I says, “you be paying taxes to the county,” and I says, “well a lot ‘em,” Moore from Roswell, he disagreed with him. A big shot.
He says if I buy this land, I’ll decide who’s gonna’ graze it.
Well, the Game Department put that in there and we fought there for two days over what to do with it. And I thought we had it settled, but our president, name of Montana, he had been the Sheep Association president for years and years. So he thought that our chairman of the Sheep Association had taken that clause out, that if you bought it you had the hunting rights.
He said, “if I buy any of that land, I’ll decide who’s gonna’ hunt on it.”
And our president: “withdraw that statement.” So that’s when I quit the wool growers. ‘Cause what would have happened if the state would have got it, the state wouldn’t get that money, and if you want it, you’d pay taxes on it. And then after they graze it a year or two, hell there was grass to burn.

And I seen, my lifetime, oh I forget what they call it. They just take a post, set it in the ground in plaster.
I’ve seen one at Raels’ outfit, old man Rael’s homestead. They’d plastered these poles. How they made that cement stay on them things…
Later on he built a rock house there. And hell, that – maybe he’d have a sheep herder workin’ for him, maybe his family would be in that little room there.

Did you often wear a sidearm?

Well, I always carried a damn pistol. I have killed as many as sixty-five rattlesnakes by myself, one summer.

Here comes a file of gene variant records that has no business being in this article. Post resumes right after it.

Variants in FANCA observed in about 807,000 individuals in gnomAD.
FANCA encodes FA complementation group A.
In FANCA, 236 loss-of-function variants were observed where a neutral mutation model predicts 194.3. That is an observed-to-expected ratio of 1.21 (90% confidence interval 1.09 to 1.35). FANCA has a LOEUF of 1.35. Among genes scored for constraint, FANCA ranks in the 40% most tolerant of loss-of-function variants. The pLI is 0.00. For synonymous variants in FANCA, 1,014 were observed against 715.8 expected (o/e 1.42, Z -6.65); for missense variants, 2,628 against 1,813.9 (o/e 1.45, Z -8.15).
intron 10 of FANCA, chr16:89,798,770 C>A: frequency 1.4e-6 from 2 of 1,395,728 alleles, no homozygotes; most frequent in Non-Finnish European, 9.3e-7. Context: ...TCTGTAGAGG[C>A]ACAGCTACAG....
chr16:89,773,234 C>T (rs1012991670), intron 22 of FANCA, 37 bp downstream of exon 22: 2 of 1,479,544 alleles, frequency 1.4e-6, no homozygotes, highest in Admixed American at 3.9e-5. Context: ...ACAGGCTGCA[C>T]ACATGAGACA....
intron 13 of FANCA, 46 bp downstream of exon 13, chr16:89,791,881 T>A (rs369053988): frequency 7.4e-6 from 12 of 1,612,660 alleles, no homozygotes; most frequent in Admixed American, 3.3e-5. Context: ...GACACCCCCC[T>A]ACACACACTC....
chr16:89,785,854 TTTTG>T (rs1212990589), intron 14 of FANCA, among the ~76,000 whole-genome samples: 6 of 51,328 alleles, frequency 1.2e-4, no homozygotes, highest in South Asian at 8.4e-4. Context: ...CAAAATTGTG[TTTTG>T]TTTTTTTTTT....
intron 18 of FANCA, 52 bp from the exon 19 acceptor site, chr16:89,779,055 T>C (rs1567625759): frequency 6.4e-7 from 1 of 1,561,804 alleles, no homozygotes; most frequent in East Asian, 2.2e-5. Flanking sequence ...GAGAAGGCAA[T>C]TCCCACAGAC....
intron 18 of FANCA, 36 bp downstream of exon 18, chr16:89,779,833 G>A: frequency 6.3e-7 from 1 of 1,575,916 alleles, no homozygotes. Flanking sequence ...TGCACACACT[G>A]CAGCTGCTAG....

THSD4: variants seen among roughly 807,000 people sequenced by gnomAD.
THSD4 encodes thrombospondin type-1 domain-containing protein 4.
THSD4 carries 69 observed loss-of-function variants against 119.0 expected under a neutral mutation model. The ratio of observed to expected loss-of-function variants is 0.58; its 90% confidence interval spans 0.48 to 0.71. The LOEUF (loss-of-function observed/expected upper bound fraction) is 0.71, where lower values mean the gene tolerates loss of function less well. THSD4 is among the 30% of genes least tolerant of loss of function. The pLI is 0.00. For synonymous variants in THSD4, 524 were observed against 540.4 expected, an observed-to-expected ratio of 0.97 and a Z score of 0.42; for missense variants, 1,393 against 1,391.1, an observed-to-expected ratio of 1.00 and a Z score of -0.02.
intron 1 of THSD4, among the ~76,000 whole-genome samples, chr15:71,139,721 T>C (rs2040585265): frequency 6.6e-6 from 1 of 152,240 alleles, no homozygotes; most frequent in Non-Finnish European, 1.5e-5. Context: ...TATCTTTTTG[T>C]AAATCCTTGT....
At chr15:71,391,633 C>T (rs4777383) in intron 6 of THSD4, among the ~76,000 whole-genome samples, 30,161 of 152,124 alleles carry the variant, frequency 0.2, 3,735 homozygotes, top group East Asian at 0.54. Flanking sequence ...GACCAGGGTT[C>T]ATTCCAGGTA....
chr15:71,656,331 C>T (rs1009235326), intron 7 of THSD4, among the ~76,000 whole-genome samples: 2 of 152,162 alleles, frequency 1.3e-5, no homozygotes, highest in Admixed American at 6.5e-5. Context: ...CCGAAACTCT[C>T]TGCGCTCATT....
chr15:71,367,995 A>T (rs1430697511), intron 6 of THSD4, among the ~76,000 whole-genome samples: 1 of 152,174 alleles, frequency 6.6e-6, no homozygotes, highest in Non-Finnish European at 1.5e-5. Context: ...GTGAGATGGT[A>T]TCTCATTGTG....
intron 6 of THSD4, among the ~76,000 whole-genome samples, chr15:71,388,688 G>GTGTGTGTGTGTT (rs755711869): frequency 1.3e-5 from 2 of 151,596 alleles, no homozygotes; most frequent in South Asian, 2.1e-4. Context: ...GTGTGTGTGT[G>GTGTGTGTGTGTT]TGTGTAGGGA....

My land on the Agustín Plains, in the middle of it is sawgrass. Sawgrass grows up straight, and the edge of it is grama grass.
You don’t find any snakes down in that sawgrass; they’re all back in the grama grass. And a lot of time you couldn’t find a rock to kill one of ‘em. So I carried a twenty-two pistol, just to shoot rattlesnakes.

Now I had met two guys, before the Driveway [improvements] was finished. And what they’d do, different people would put their steers together. And my uncle and I, Bob Hicks, he was my dad’s half -brother…
Anyway, I guess the first time that I drove cattle was about 1932.
It was my uncle, and we’d take other people’s cattle, you know, put them together. And it was through this old cowboy that worked for my dad–learned me a hell of a lot about cattle.

See, when they started fixin’ that Driveway, the CC boys done that, and as you come this side of Horse Springs – that well and the steel tank – and they made a trail on your right. That’s the Continental Divide. Now you come from the east, all the water flows to the east. You come over that divide, all the water flows to the west.